Taxation

Pay As You Go?

Pay As You Go? By Karl Peterjohn, Kansas Taxpayers Network On the rare occasions the mainstream national news media bothers to cover federal spending and taxes you are sure to hear the phrase, “pay as you go,” as the primary talking point of the new congressional Democratic majority. This phrase is supposed to reassure us now that the profligate “Bridge to Nowhere,” free spending Republicans have been relegated into the minority. New York City Congressman Charlie Rangel, who now heads the powerful tax writing house ways and means committee, wants to dismantle the most successful legacy of George W. Bush’s…
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Painlessly paying our taxes, almost

As the annual tax deadline is upon us, we should take a moment to examine our level of awareness of the taxes we pay. Many families don't pay any federal income tax. According to a study by the Tax Foundation (link: http://www.taxfoundation.org/ff/zerotaxfilers.html) 58 million households, representing some 122 million people, or 44 percent of the U.S. population, pay no federal income tax. I made a few calculations, and Kiplinger's TaxCut software for 2004 shows that a family with two children and $40,000 income (that's approximately the median household income in Wichita), taking the standard deductions, pays $0 federal income tax.…
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The advantage of being Warren Buffet

The recent news that Warren Buffet is giving away the bulk of his fortune to charity is good news to me, as I greatly prefer private charity to government spending of taxes. That's true for me even if Mr. Buffet were to use his philanthropy to support causes that I might not agree with. But there is an irony here. Mr. Buffet is a vocal supporter of the inheritance tax (or estate tax or death tax). By giving away much of his wealth, he escapes paying the tax he wants others to pay. Mr. Buffet is wealthy enough that he…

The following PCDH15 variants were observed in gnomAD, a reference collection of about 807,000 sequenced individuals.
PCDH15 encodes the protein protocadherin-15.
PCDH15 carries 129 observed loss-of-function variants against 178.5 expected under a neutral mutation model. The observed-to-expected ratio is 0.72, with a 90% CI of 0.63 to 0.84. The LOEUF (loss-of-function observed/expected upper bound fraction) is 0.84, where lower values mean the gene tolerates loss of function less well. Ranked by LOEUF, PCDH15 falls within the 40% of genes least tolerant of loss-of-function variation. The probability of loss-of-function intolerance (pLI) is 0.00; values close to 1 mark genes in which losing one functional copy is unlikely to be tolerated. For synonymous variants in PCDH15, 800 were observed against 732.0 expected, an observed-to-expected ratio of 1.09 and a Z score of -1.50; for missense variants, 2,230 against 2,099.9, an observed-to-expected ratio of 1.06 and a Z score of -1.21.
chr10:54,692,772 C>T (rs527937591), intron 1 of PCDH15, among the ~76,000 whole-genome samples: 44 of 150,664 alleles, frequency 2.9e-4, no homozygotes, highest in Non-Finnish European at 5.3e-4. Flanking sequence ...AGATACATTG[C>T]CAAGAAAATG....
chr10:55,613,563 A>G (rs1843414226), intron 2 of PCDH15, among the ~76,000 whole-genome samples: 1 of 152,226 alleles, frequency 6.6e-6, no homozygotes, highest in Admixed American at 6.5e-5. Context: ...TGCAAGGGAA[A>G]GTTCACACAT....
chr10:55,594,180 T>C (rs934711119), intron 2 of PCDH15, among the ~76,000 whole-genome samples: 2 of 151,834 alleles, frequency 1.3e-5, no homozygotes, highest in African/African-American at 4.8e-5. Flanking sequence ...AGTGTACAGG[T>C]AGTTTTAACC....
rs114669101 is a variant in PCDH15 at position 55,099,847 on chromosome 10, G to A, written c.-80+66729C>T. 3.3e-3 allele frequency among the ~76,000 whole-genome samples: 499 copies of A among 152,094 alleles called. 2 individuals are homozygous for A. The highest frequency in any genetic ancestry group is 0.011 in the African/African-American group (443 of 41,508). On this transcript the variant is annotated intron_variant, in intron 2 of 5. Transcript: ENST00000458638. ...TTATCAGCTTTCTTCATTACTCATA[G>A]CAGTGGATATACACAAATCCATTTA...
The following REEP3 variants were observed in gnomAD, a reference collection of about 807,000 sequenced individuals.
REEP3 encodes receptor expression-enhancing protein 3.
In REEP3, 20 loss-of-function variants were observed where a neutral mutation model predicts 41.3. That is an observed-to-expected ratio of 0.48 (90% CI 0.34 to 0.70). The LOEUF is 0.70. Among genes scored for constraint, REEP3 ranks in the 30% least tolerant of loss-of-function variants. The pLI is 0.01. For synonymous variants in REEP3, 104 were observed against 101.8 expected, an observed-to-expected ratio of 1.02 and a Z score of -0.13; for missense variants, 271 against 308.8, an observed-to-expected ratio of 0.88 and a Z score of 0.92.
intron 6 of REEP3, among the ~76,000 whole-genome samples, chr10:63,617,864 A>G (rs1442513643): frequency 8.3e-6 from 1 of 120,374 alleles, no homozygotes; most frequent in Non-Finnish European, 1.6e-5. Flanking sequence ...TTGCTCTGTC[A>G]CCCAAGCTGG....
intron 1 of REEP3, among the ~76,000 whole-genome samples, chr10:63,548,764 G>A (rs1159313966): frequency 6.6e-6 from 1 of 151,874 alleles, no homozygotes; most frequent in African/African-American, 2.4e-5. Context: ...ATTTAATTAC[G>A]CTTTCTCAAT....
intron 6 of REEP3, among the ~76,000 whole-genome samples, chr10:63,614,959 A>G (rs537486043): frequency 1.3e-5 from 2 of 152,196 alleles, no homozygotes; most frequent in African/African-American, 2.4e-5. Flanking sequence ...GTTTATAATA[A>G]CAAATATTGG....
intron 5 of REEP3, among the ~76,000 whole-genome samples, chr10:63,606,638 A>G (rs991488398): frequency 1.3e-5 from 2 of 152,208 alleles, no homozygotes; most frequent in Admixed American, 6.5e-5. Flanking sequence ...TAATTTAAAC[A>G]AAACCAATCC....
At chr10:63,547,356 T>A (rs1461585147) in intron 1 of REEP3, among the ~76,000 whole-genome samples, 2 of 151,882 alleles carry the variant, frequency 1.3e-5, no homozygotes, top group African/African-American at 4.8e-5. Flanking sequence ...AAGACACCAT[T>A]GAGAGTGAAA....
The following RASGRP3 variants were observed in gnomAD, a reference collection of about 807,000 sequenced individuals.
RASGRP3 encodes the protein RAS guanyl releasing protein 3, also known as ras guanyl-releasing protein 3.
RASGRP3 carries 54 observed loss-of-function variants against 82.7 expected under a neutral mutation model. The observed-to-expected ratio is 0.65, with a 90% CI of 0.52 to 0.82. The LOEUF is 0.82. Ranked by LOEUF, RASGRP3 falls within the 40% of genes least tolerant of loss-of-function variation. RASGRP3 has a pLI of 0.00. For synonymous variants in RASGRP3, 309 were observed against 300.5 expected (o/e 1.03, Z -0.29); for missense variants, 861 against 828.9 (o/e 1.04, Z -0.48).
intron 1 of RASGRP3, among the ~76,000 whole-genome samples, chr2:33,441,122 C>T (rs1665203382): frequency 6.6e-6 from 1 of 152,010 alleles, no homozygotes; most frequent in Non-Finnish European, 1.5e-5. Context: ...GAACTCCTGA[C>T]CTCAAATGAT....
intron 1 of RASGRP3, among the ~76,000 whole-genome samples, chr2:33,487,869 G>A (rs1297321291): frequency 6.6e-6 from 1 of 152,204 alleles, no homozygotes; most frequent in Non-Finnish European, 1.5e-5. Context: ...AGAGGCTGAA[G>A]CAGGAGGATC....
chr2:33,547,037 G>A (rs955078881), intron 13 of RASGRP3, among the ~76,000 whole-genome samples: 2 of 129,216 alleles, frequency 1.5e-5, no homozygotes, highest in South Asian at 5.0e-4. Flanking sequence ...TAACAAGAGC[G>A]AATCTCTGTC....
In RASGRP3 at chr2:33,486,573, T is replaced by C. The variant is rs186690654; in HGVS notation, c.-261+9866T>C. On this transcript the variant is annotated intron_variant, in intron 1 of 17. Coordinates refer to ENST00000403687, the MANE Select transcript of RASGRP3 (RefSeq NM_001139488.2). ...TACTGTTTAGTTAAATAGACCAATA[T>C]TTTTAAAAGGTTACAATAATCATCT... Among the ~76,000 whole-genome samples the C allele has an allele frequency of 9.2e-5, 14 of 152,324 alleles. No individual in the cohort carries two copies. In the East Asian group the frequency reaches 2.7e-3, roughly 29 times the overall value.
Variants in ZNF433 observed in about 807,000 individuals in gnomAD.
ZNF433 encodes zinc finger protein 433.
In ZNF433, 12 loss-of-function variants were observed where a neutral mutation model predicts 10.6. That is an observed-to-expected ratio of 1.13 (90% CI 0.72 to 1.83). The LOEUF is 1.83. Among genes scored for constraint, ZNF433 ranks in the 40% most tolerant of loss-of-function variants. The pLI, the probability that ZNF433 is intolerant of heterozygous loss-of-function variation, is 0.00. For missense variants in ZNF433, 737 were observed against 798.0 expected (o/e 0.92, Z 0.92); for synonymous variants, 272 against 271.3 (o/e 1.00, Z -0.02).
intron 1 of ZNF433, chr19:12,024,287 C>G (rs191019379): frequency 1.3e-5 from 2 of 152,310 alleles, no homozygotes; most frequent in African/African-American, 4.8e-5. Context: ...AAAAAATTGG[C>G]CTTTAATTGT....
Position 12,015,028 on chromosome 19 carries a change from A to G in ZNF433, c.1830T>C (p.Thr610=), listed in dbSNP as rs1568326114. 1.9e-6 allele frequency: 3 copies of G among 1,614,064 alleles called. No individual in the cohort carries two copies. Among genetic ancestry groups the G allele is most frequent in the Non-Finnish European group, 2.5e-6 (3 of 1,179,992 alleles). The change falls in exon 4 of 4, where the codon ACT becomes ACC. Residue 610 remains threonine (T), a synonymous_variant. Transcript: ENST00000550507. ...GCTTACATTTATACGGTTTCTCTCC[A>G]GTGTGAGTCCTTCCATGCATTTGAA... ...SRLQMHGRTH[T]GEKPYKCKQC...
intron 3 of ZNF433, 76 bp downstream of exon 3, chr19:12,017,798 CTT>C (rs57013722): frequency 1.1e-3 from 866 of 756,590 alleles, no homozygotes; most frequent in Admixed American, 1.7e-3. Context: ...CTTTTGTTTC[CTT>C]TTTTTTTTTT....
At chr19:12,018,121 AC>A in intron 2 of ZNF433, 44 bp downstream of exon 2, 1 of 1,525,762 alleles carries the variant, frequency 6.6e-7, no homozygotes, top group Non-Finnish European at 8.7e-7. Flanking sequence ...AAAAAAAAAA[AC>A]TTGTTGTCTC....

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Paying for tax cuts

Commentary surrounding two recent tax cuts reveals the backwards thinking about taxes that is common. A New York Times editorial from May 11, 2006 asks this question: "Whose taxes will be raised in the future to pay for today's tax giveaways?" A question like this reveals several prevalent lines of thinking: First, that the government has a legitimate claim on a large part of our incomes, and that if the government "gives" any of that claim back to us, it somehow has to be paid for. Second, it's the people who "give" tax money to the government, not the government…
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Increase our awareness of taxes

Writing from Miami, Florida As the annual tax deadline is upon us, we should take a moment to examine our level of awareness of the taxes we pay. Many families don't pay any federal income tax. According to a study by the Tax Foundation (link: http://www.taxfoundation.org/ff/zerotaxfilers.html) 58 million households, representing some 122 million people, of 44 percent of the U.S. population, pay no federal income tax. I made a few calculations, and Kiplinger's TaxCut software for 2004 shows that a family with two children and $40,000 income (that's approximately the median household income in Wichita), taking the standard deductions, pays…